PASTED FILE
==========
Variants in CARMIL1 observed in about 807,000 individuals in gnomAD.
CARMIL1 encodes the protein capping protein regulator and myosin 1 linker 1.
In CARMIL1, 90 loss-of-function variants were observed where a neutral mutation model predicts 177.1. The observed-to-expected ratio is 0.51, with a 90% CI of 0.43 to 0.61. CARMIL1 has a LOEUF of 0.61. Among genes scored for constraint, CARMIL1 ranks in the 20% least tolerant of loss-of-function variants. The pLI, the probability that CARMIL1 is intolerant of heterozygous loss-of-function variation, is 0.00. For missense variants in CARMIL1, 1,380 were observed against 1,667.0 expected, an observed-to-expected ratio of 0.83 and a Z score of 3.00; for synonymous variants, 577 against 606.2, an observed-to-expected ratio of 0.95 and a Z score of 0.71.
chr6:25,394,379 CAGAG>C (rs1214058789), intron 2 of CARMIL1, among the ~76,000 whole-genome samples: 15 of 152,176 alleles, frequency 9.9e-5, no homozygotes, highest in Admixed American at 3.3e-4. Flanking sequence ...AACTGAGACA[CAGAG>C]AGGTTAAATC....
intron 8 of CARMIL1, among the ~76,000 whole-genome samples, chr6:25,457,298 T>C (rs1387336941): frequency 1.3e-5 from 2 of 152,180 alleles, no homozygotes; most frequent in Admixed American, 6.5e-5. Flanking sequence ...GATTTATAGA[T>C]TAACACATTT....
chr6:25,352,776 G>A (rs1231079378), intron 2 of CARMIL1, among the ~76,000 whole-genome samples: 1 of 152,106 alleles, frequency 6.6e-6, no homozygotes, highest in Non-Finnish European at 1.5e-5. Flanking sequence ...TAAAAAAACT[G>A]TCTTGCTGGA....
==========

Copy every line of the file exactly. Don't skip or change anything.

Variants in CARMIL1 observed in about 807,000 individuals in gnomAD.
CARMIL1 encodes the protein capping protein regulator and myosin 1 linker 1.
In CARMIL1, 90 loss-of-function variants were observed where a neutral mutation model predicts 177.1. The observed-to-expected ratio is 0.51, with a 90% CI of 0.43 to 0.61. CARMIL1 has a LOEUF of 0.61. Among genes scored for constraint, CARMIL1 ranks in the 20% least tolerant of loss-of-function variants. The pLI, the probability that CARMIL1 is intolerant of heterozygous loss-of-function variation, is 0.00. For missense variants in CARMIL1, 1,380 were observed against 1,667.0 expected, an observed-to-expected ratio of 0.83 and a Z score of 3.00; for synonymous variants, 577 against 606.2, an observed-to-expected ratio of 0.95 and a Z score of 0.71.
chr6:25,394,379 CAGAG>C (rs1214058789), intron 2 of CARMIL1, among the ~76,000 whole-genome samples: 15 of 152,176 alleles, frequency 9.9e-5, no homozygotes, highest in Admixed American at 3.3e-4. Flanking sequence ...AACTGAGACA[CAGAG>C]AGGTTAAATC....
intron 8 of CARMIL1, among the ~76,000 whole-genome samples, chr6:25,457,298 T>C (rs1387336941): frequency 1.3e-5 from 2 of 152,180 alleles, no homozygotes; most frequent in Admixed American, 6.5e-5. Flanking sequence ...GATTTATAGA[T>C]TAACACATTT....
chr6:25,352,776 G>A (rs1231079378), intron 2 of CARMIL1, among the ~76,000 whole-genome samples: 1 of 152,106 alleles, frequency 6.6e-6, no homozygotes, highest in Non-Finnish European at 1.5e-5. Flanking sequence ...TAAAAAAACT[G>A]TCTTGCTGGA....